The judge in charge of the investigation does not rule out that new charges are added during the investigation for the two national police officers who are in provisional prison for the attack on Friday, February 12, a man and his 14-year-old daughter on a terrace of a Linares bar (Jaén) when the agents were not on duty. The two officers are initially being investigated for an aggravated injury crime.
Specifically, in the order in which the provisional arrest is ordered and which has been provided by the Superior Court of Justice of Andalusia (TSJA), the head of Court number 3 of First Instance and Investigation indicates that it is “evident” “the disproportion” in the performance of the two policemen, who were not on duty at the time of the events.
In this way, the judge does not rule out that once the witnesses have been heard and as the investigation of the case progresses “could even lead to new charges being added to those investigated such as illegal detention or torture“.
For the judge, after viewing the images disseminated by social networks, the two policemen used “atrocious violence” against the man and his daughter to the point that even having managed to reduce the man to the ground, “they continue to beat him.”
“It is evident that the detainees acted disproportionately and therefore carried out acts susceptible to criminal reproach.” Regardless of who started the fight, the judge notes that “the despicable aggression perpetrated by the detainees is not justified at all.”
The two policemen maintained in their statement that with their way of acting they only wanted to prevent the man from leaving the place until more police arrived. However, the judge points out that “in their capacity as agents of the State Security Forces and Bodies they should have considered the criteria of opportunity and proportionality when making the decision to prevent Mr. Mendoza from leaving the place.”
The judge adds in the order that the investigated “put into practice the Machiavellian maxim that the end justifies the means” and they began to beat a person to supposedly prevent him from leaving the place.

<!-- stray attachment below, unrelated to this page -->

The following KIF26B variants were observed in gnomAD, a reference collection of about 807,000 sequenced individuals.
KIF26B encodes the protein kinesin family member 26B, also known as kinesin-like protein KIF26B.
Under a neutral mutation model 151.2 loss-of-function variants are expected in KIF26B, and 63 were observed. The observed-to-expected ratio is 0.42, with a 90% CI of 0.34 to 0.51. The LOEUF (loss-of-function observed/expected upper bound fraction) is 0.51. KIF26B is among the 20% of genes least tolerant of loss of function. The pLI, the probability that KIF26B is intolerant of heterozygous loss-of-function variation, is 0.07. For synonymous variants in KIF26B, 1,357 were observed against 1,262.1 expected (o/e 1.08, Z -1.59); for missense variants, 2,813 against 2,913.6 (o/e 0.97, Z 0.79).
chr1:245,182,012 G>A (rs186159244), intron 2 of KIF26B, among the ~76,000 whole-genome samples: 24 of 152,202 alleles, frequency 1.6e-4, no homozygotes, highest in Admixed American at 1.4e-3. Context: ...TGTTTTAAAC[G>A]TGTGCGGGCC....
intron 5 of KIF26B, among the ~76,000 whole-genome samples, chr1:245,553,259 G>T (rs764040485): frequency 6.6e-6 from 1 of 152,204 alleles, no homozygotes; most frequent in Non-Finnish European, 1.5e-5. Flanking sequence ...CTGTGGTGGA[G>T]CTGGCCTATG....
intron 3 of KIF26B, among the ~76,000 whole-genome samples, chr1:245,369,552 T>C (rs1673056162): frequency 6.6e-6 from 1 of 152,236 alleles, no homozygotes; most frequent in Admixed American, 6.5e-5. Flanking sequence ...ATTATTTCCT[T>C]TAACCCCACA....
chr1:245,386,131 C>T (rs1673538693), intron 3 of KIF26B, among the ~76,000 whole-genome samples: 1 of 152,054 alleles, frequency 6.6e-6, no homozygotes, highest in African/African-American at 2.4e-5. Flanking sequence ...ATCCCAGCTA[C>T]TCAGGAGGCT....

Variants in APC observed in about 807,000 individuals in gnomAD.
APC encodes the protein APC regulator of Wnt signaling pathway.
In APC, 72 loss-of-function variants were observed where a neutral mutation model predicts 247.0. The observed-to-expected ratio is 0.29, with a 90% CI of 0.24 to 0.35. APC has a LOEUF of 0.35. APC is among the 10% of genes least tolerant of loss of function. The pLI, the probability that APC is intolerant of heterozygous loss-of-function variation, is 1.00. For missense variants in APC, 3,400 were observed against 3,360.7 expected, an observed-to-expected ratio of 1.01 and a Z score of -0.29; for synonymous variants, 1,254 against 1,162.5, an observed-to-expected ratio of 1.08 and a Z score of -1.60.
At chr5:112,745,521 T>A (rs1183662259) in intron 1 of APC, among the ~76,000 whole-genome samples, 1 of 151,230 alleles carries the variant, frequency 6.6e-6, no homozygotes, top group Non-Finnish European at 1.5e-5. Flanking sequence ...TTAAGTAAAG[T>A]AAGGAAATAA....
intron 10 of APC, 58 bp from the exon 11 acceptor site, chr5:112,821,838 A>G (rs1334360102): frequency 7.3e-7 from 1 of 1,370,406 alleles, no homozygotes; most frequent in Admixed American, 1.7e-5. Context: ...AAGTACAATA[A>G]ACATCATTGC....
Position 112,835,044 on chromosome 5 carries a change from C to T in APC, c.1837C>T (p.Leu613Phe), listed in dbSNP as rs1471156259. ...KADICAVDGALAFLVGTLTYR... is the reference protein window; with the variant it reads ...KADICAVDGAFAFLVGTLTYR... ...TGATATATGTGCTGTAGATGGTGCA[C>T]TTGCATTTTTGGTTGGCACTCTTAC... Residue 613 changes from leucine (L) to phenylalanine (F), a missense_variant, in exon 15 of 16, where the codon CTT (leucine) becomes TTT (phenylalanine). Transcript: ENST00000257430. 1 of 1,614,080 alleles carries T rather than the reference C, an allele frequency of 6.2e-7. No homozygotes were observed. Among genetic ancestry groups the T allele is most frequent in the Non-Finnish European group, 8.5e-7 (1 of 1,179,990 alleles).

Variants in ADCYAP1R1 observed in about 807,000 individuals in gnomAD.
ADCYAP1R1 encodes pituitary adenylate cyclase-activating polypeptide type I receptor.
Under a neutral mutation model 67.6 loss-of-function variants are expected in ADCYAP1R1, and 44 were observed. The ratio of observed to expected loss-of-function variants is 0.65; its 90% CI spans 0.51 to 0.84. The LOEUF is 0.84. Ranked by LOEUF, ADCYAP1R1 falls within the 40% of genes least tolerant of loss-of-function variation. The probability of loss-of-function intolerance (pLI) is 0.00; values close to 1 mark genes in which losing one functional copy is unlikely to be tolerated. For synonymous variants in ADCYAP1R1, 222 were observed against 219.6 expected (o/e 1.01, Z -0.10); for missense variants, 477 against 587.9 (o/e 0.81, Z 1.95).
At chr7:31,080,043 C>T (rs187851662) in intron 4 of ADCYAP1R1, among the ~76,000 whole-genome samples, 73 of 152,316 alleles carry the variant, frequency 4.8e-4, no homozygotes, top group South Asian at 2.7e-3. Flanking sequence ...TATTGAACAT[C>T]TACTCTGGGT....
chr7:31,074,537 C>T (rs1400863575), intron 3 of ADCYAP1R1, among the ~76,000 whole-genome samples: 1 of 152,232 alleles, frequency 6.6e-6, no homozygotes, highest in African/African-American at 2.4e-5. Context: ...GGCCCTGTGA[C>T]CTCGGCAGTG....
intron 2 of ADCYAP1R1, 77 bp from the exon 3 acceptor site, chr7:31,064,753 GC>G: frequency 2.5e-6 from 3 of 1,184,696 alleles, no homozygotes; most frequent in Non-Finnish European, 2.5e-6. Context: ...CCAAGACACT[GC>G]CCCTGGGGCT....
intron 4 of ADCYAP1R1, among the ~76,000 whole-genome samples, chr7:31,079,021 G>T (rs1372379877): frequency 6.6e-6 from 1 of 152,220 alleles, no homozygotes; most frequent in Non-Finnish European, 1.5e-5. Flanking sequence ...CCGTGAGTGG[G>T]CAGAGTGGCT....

The entry into prison provision justifies it by stating that “eIt is quite probable that those investigated feel impulses to flee from the action of justice given the high level of the prison sentence that could be imposed on them. ”
To this suspicion contributes, says the judge, “the fact that their family roots are scarce – they have no partner or offspring – and their work roots have predictably disappeared since they have been opened a disciplinary file by the National Police, and it is probable that they are provisionally suspended from their employment, since their regulation weapon has been withdrawn. ”
It also indicates that the aim must be sought to avoid the concealment, alternation or destruction of sources of evidence “since due to their status as policemen” they have greater facilities than the average citizen to find out data that allow them to influence unduly or illegitimately the sources of evidence. evidence, mainly witnesses. ”
Likewise, he points out to argue his decision to enter prison that the measure is also aimed at protecting the victim. “If that feeling of impunity for their status as police officers is not overwhelmingly destroyed, it is more than likely to presage that those investigated could try to undermine the interests, property or rights” of both the victim and those close to them.
Finally, it concludes that “those investigated, through their actions, have shown that they are unable to comply with legal and constitutional mandates, otherwise they would not be in the situation in which they are “.
The two policemen have been in the Seville I prison since Monday, in the specific module for FIES (file of inmates with special monitoring) 4, which corresponds to members of the State security forces and bodies.
Eddie is an Australian news reporter with over 9 years in the industry and has published on Forbes and tech crunch.